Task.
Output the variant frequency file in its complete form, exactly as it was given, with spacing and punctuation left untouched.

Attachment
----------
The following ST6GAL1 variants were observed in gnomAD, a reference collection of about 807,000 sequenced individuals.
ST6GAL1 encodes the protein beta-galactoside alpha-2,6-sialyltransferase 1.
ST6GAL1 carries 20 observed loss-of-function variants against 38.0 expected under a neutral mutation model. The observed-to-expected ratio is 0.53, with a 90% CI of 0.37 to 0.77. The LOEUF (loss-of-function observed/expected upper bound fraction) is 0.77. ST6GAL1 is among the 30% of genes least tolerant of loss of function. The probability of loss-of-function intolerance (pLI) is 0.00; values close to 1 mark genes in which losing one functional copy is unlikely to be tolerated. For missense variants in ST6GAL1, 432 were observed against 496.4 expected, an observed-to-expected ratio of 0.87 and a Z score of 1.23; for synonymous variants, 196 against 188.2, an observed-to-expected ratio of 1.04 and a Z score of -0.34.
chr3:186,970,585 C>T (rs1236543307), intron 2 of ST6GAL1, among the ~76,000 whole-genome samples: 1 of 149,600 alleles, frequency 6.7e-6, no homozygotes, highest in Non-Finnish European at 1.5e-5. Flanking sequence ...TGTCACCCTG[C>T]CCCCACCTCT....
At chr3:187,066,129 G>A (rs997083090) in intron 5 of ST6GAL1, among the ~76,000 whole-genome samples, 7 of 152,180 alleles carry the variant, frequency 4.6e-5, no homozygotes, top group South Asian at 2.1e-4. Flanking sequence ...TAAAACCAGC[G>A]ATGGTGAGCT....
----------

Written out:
The following ST6GAL1 variants were observed in gnomAD, a reference collection of about 807,000 sequenced individuals.
ST6GAL1 encodes the protein beta-galactoside alpha-2,6-sialyltransferase 1.
ST6GAL1 carries 20 observed loss-of-function variants against 38.0 expected under a neutral mutation model. The observed-to-expected ratio is 0.53, with a 90% CI of 0.37 to 0.77. The LOEUF (loss-of-function observed/expected upper bound fraction) is 0.77. ST6GAL1 is among the 30% of genes least tolerant of loss of function. The probability of loss-of-function intolerance (pLI) is 0.00; values close to 1 mark genes in which losing one functional copy is unlikely to be tolerated. For missense variants in ST6GAL1, 432 were observed against 496.4 expected, an observed-to-expected ratio of 0.87 and a Z score of 1.23; for synonymous variants, 196 against 188.2, an observed-to-expected ratio of 1.04 and a Z score of -0.34.
chr3:186,970,585 C>T (rs1236543307), intron 2 of ST6GAL1, among the ~76,000 whole-genome samples: 1 of 149,600 alleles, frequency 6.7e-6, no homozygotes, highest in Non-Finnish European at 1.5e-5. Flanking sequence ...TGTCACCCTG[C>T]CCCCACCTCT....
At chr3:187,066,129 G>A (rs997083090) in intron 5 of ST6GAL1, among the ~76,000 whole-genome samples, 7 of 152,180 alleles carry the variant, frequency 4.6e-5, no homozygotes, top group South Asian at 2.1e-4. Flanking sequence ...TAAAACCAGC[G>A]ATGGTGAGCT....